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Health - Life Sciences - 06.11.2013
Fertility treatment success rates are significantly influenced by mother's ethnicity
PA 332/13 Ethnicity of the mother is a significant determinant of successful outcomes after fertility treatment according to a new study by researchers at Nottingham University's Research and Treatment Unit in Reproduction (NURTURE). The team conducted a study to assess the relationship between the ethnicity of patients and the clinical success of their fertility treatment.

Health - 06.11.2013
Research helps identify young people with type 1 diabetes at risk of heart and kidney disease
By using early screening, we can now identify young people at risk of heart and kidney disease Professor David Dunger Using a simple urine test, researchers can now identify young people with type 1 diabetes at risk of heart and kidney disease. The new research, funded by JDRF, Diabetes UK, and the British Heart Foundation (BHF), was published today, 06 November, in the journal Diabetes Care.

Health - Life Sciences - 06.11.2013
Scientists named as highly influential biomedical researchers
Scientists named as highly influential biomedical researchers
Three Imperial scientists have been named on a list of highly influential biomedical researchers based on citations by other academics. Professors Peter Barnes, Philippe Froguel and David Brooks are among the 400 scientists worldwide with the highest scores according to citation data from 1996 to 2011.

Art and Design - Physics - 06.11.2013
Solar panels perform better when listening to music
Solar panels perform better when listening to music
The sound vibrations that make up music can make solar panels work harder, according to new research, and pop music performs better than classical. Scientists showed that high pitched sounds like those common in pop and rock music caused the greatest improvement in the solar cells' power output, increasing it by up to forty per cent.

Health - 06.11.2013
Scientists to assess best way of cleaning surgical instruments to prevent vCJD infection risk
A new study will examine the best methods for cleaning surgical instruments to reduce the risk of variant CJD infection. The £90,000 study, funded by the Scottish Infection Research Network, will focus on instruments used in neurosurgery and test different methods for cleansing surgical instruments.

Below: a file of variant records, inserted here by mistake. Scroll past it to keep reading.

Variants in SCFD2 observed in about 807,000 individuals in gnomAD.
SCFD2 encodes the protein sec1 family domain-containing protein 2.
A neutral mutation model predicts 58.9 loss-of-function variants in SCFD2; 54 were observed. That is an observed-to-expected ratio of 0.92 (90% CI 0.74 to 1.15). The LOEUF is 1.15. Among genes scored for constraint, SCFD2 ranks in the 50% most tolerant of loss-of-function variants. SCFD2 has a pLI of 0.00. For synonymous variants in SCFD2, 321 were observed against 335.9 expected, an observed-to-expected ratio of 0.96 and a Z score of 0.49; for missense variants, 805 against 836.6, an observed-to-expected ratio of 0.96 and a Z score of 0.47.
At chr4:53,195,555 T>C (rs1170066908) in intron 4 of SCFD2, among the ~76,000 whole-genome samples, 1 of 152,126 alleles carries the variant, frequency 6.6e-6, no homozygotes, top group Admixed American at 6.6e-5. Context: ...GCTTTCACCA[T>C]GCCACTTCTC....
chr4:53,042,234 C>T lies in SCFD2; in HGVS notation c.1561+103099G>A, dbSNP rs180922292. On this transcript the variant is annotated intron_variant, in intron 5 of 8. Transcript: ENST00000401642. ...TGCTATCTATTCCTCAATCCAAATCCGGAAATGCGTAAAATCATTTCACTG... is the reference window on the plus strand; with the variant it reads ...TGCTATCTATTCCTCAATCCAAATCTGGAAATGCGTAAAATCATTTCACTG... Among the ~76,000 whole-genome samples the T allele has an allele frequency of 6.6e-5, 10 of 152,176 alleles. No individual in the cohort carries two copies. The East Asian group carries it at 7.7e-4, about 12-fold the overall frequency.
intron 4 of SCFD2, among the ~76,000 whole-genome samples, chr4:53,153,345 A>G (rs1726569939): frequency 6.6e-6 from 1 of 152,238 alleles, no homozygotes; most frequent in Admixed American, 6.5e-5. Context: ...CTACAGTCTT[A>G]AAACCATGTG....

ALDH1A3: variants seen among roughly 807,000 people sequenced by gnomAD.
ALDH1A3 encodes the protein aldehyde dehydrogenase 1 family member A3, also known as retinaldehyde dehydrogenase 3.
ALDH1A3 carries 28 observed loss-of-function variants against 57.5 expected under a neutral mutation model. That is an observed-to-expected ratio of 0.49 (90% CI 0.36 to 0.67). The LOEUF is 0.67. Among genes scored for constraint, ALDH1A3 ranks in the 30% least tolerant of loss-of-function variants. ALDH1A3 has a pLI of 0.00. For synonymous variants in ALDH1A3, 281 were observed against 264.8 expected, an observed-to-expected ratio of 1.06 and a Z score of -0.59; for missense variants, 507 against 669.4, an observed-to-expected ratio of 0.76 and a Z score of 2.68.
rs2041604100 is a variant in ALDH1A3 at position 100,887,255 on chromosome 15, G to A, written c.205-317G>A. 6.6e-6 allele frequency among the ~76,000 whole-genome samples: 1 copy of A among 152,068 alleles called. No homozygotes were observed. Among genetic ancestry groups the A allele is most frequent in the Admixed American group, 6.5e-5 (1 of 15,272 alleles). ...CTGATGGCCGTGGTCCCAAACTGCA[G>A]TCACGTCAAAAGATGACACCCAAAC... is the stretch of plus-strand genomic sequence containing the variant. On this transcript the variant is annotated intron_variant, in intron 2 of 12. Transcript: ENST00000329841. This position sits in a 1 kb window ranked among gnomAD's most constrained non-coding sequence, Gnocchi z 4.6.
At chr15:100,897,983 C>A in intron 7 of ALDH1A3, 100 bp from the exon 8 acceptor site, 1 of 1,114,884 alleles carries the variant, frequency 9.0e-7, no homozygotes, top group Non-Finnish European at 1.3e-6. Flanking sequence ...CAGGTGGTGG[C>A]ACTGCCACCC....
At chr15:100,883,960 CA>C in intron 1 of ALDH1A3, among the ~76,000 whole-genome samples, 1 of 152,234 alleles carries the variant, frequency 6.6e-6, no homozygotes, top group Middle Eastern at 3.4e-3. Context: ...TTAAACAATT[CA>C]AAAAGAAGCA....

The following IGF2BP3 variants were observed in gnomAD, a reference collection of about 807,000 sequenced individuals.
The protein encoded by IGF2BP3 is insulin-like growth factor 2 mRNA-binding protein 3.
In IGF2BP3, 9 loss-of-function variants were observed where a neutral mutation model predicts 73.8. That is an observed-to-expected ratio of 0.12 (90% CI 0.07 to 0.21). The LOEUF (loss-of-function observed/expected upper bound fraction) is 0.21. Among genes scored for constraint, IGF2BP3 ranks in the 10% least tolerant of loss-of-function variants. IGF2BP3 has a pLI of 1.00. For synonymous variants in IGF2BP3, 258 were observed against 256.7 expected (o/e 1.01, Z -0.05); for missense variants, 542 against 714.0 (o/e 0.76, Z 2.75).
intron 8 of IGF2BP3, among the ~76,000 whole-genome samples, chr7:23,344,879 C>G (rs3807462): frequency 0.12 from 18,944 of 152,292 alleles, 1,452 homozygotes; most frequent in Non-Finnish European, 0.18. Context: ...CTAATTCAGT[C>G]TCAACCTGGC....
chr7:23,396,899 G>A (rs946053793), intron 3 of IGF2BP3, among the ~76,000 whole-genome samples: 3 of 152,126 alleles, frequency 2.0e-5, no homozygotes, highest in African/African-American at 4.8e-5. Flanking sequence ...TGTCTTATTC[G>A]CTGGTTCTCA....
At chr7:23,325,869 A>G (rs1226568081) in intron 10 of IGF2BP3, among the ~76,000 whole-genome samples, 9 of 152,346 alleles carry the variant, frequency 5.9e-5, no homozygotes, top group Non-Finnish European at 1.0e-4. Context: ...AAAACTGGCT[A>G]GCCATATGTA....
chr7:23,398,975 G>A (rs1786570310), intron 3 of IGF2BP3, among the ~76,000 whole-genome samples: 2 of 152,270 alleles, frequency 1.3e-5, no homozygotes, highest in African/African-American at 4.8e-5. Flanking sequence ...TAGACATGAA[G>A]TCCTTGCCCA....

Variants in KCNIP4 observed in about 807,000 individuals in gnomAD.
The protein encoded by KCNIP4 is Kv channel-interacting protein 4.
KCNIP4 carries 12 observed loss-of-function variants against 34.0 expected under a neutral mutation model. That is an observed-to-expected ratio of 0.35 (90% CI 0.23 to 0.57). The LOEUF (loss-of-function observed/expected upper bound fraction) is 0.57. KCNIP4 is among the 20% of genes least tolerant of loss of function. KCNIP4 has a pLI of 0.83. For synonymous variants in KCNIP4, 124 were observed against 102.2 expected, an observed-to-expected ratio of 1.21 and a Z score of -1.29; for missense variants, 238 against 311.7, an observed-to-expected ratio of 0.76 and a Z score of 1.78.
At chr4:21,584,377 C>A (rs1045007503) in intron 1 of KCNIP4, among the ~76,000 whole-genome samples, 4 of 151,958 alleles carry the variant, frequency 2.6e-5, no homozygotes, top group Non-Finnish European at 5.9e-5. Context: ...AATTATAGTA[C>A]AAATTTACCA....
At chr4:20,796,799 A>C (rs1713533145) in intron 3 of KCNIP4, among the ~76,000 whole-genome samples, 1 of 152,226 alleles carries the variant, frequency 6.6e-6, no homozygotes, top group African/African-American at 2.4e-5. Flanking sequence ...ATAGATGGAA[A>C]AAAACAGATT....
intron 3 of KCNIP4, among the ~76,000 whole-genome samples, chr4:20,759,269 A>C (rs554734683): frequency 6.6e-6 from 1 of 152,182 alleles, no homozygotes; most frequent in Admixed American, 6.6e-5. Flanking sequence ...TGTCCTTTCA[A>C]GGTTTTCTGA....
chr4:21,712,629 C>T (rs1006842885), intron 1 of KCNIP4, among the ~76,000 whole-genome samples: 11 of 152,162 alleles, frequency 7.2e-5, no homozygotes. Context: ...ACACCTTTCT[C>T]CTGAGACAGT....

Physics - 06.11.2013
Volume of nuclear waste could be reduced by 90 per cent says new research
Volume of nuclear waste could be reduced by 90 per cent says new research
Engineers from the University of Sheffield have developed a way to significantly reduce the volume of some higher activity wastes, which will reduce the cost of interim storage and final disposal. The researchers, from the University's Faculty of Engineering, have shown that mixing plutonium-contaminated waste with blast furnace slag and turning it into glass reduces its volume by 85-95 per cent.

Life Sciences - Health - 06.11.2013
Personal reflection triggers increased brain activity during depressive episodes
The study used functional magnetic resonance imaging to analyse the brain's while participants chose positive, negative and neutral adjectives to describe either themselves or the British Queen Research by the University of Liverpool has found that people experiencing depressive episodes display increased brain activity when they think about themselves.

Mechanical Engineering - Physics - 06.11.2013
Nanoscale ’tsunami’ helps locusts tune in
The remarkable mechanism by which the tiny ears of locusts can hear and distinguish between different tones has been discovered by researchers from the University of Bristol. Understanding how the nanoscale features of the insect eardrum mechanically process sound could open up practical possibilities for the fabrication of embedded signal processing in extremely small microphones.

Chemistry - Physics - 06.11.2013
Big beats bolster solar cell efficiency
Playing pop and rock music improves the performance of solar cells, according to new research from scientists at Queen Mary University of London and Imperial College London. The high frequencies and pitch found in pop and rock music cause vibrations that enhanced energy generation in solar cells containing a cluster of 'nanorods', leading to a 40 per cent increase in efficiency of the solar cells.

Environment - Mathematics - 06.11.2013
Creatures of influence
In the children's game "Jenga", removing the wrong block from a tower of wooden blocks can cause the entire tower to collapse. In the same way, removing certain species from an ecosystem can cause a collapse in ecological function. A common scientific question has been to identify these critical species in different ecosystems and an international research team has developed mathematical tools that can estimate which species are most influential in a food web.